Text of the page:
David Singh Grewal, “No Return to ‘Normal’: Why Neoliberal Globalization is Impossible”

This event is co-sponsored by the Center for the Advancement of the Rule of Law in the Americas (CAROLA) at Georgetown Law.

Wednesday, March 3, 2:00PM

Power, Money, & Markets

Talha Syed, Roy Kreitner, Paula Ahumada, Suresh Naidu

This panel will discuss the complex links between the legal dynamics of money and markets, and their role in economic development and geopolitics. Critical theories of money stress that its legal construction can make or break social transformation. But how elastic is the law of money, especially in ‘peripheral’ financial markets? How does the valuation of money structure international markets and market power, concretely? Critical theories of markets emphasize their coercive functions, especially in structuring economic identity and exchange. Can markets serve as tools of social equity, or even democracy, rather than exploitation? What sort of legal and technological transformations would facilitate this vision? Would they require changes to monetary systems as well as markets? Our panelists will explore these questions and more in depth.

Paula Ahumada (Universidad de Chile School of Law)
Roy Kreitner (Tel Aviv University)
Suresh Naidu (Columbia University)
Talha Syed (Berkeley Law)

Paper Abstracts

Thursday, March 4, 2:30PM

Social Movements and the Relation to the Political

Willy Forbath, John Whitlow, Connie Razza, Brian Kettenring, Lucie White

As legal scholars and social scientists have begun to center questions of law and political economy, powerbuilding community organizations have also grappled with how to take action to structurally challenge the neoliberal present.  This panel will feature reflections about the ways that social movements facilitate democratic engagement (including constitutional interpretation), as well as new forms of political subjectivity. The panelists will also discuss the various ways in which lawyers can support and work alongside social movements, with a specific focus on what LPE scholarship can contribute, and the challenges of bridging the divide between academia and those working directly in organizing.


Willy Forbath (University of Texas at Austin School of Law
Brian Kettenring (Center for Popular Democracy)
Connie Razza (Social & Economic Justice Leaders Project)
Lucie White (Harvard Law School
John Whitlow (CUNY School of Law)

Friday, March 12, 1:00PM

Moral Economy after Consumer Sovereignty

Luke Herrine, Kate Redburn, Sanjukta Paul, Marshall Steinbaum, Sandeep Vaheesan

Part of the goal of the project of Law and Political Economy must be to articulate a vision of moral economy that does not rely on neoclassical assumptions about how market competition and consumer choice work and that places progressive values like anti-racism, democratic decisions about conditions of work, and basic social provision for all at its core. This panel begins to ask the question of what such a moral economy would look like, drawing from traditional common law principles about fair business practices, from comparative analysis of other legal regimes, and from recent developments in social theory. The problem is addressed from several angles, bringing rethinkings of antitrust law, corporate law, labor law, public accommodations law, and consumer protection law in conversation with each other with the ambition of opening up space for developing a shared framework.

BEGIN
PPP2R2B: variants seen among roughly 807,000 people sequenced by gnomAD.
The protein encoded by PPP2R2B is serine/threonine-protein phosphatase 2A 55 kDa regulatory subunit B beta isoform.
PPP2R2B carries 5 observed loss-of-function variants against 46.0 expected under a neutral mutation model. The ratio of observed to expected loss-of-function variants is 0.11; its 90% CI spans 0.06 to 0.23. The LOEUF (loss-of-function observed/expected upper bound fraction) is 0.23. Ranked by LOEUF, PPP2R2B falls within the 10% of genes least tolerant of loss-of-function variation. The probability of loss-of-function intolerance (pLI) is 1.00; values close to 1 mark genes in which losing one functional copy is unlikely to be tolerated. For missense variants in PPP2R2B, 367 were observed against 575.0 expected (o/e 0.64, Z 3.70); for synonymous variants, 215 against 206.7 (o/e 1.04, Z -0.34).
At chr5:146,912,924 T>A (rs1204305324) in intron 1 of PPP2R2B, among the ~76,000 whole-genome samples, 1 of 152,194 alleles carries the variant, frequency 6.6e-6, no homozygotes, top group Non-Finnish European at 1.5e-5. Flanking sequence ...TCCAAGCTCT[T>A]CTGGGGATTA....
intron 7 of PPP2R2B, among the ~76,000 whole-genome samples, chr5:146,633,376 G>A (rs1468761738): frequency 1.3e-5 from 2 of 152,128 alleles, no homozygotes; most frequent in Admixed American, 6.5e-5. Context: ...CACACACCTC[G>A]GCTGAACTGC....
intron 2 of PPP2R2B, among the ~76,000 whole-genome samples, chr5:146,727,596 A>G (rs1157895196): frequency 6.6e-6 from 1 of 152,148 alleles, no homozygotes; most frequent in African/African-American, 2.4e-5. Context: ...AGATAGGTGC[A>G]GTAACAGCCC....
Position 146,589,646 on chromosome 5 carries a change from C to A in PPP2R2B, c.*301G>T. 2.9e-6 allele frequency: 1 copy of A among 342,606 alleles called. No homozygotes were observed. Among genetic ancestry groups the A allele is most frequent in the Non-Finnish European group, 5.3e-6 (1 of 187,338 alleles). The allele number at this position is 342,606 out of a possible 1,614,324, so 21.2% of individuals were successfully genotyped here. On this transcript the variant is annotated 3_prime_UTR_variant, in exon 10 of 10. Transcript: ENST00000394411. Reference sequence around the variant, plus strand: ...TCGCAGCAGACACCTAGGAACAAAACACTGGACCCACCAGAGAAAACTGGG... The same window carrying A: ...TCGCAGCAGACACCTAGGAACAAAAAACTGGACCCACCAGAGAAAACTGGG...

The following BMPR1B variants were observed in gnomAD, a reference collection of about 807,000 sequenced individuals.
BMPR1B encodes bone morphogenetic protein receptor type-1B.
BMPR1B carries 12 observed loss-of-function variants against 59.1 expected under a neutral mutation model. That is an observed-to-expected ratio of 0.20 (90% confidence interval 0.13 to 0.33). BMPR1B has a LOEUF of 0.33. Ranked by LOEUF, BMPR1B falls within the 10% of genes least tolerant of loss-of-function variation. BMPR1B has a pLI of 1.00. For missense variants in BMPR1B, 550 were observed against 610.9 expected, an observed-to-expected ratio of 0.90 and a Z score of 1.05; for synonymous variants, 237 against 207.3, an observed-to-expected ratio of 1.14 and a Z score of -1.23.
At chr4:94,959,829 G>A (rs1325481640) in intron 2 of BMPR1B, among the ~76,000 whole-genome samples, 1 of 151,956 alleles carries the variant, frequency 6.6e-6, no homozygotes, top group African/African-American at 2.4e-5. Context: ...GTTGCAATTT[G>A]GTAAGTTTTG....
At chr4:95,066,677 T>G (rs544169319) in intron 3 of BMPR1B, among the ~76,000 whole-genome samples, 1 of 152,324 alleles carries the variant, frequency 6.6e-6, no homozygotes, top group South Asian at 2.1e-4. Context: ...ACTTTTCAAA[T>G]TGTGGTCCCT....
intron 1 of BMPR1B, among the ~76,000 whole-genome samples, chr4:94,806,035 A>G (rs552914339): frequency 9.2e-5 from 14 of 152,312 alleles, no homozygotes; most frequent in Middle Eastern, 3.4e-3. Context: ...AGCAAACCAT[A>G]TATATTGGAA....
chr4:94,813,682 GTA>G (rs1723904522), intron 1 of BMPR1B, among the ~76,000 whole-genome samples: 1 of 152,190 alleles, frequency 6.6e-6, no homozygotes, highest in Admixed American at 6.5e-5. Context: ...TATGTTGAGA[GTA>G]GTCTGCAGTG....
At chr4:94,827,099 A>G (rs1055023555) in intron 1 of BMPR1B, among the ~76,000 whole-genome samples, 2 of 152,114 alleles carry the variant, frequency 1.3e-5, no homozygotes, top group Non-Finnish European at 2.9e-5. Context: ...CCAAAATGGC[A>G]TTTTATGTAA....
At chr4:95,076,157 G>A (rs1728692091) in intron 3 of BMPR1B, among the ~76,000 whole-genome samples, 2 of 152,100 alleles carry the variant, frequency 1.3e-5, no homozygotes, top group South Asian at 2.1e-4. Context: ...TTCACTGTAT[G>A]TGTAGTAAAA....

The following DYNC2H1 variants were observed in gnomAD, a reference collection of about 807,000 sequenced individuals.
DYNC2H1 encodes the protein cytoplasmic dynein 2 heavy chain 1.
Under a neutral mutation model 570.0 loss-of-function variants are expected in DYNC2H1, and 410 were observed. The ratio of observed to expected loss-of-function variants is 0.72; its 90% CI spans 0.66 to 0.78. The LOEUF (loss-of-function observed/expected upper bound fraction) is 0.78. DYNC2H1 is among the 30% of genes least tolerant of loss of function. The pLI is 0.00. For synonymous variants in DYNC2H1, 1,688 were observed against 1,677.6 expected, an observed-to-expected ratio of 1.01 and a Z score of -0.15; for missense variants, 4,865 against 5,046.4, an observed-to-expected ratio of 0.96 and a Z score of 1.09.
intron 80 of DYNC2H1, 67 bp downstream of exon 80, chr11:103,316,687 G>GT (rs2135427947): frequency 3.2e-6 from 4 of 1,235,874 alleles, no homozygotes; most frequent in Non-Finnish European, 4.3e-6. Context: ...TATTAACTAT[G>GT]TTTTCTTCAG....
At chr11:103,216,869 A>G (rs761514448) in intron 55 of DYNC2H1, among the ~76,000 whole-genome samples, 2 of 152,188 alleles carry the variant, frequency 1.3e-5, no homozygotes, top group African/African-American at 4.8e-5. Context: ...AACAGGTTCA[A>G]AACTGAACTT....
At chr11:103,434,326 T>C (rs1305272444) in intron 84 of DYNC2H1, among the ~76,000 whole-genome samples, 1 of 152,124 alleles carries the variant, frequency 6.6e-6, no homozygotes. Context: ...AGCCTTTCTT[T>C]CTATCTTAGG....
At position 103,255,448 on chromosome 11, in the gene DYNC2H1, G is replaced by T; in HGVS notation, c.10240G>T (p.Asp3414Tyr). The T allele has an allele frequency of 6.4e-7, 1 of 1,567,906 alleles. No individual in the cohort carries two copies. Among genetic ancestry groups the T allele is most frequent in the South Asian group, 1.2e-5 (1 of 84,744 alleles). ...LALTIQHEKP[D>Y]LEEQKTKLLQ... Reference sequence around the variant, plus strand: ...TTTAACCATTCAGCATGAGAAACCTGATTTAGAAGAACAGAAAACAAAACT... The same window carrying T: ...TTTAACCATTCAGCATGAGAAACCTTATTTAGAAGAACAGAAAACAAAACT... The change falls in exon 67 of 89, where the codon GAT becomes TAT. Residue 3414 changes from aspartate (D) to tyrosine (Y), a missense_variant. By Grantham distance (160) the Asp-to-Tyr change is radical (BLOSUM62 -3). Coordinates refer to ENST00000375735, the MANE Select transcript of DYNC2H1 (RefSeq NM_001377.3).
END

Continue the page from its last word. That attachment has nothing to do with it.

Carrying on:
Luke Herrine (Yale Law School, LPE Project), “Reconstructing Moral Economy in Consumer Law” (based on this recent article)

Sanjukta Paul (Wayne State University Law School),  “Moral Economy in the Antimonopoly Tradition and Antitrust Law” (based on this recent article forthcoming in the Yale Law Journal)

Kate Redburn (Yale University), “Moral Economy in Public Accommodations Law”

Marshall Steinbaum (University of Utah), “The Logic of Consumption in Higher Education and the Student Debt Crisis”

Sandeep Vaheesan (Open Markets Institute), “Contracts of Dispossession” (based on this recent article with Matthew Buck)

Thursday, March 25, 7:00AM

Revival and Renewal of Marxist Approaches

Ntina Tzouvala, Robert Knox, Tor Krever, Mai Taha, Nate Holdren
This panel is part of a broader trend of revival and renewal of Marxist approaches to law and political economy. These papers aim to use the resources offered by the Marxist tradition in such a way that takes seriously the axes of oppression, domination and exploitation.

The papers approach diverse questions using the core tools of historical materialism: a methodological commitment to the historical specificity of the present, yet also as restrained by past developments; the centering of the capitalist mode of production in the analysis of law and a presumption that political economy is determining in the final instance, even in legal fields that are not transparently related to the ‘economy’; a refusal to treat law in its current form as a transhistorical phenomenon, but rather a focus on capitalist forms of legality with a view to discerning both continuity and change; a conviction that ideas alone do not control legal developments and a turn to material relations and struggles in order to understand law as a phenomenon in flux.

At the same time, all papers reject economistic approaches to law and political economy, as well as an impoverished singling out of ‘class’ or ‘the economy’ as the centre of our analysis. Rather, the proposed papers exist within – and draw upon – long traditions of feminist, black or Third Wordlist Marxism. Relatedly, our focus on international law is animated by the conviction that the globe is the only appropriate level of analysis for the capitalist mode of production and its legalities.



Nate Holdren (Drake University), “‘Considerations on Marxist Legal Scholarship and LPE”

Robert Knox
(University of Liverpool School of Law and Social Justice), “Debt, Race and the Invention of Structural Adjustment”

Tor Krever (University of Warwick School of Law), “The innermost secret: the political-economic origins of the pirate in international law”

Mai Taha (Goldsmiths University of London School of Law), “Human Rights and the Communists: Reflections on Philosophy and Praxis”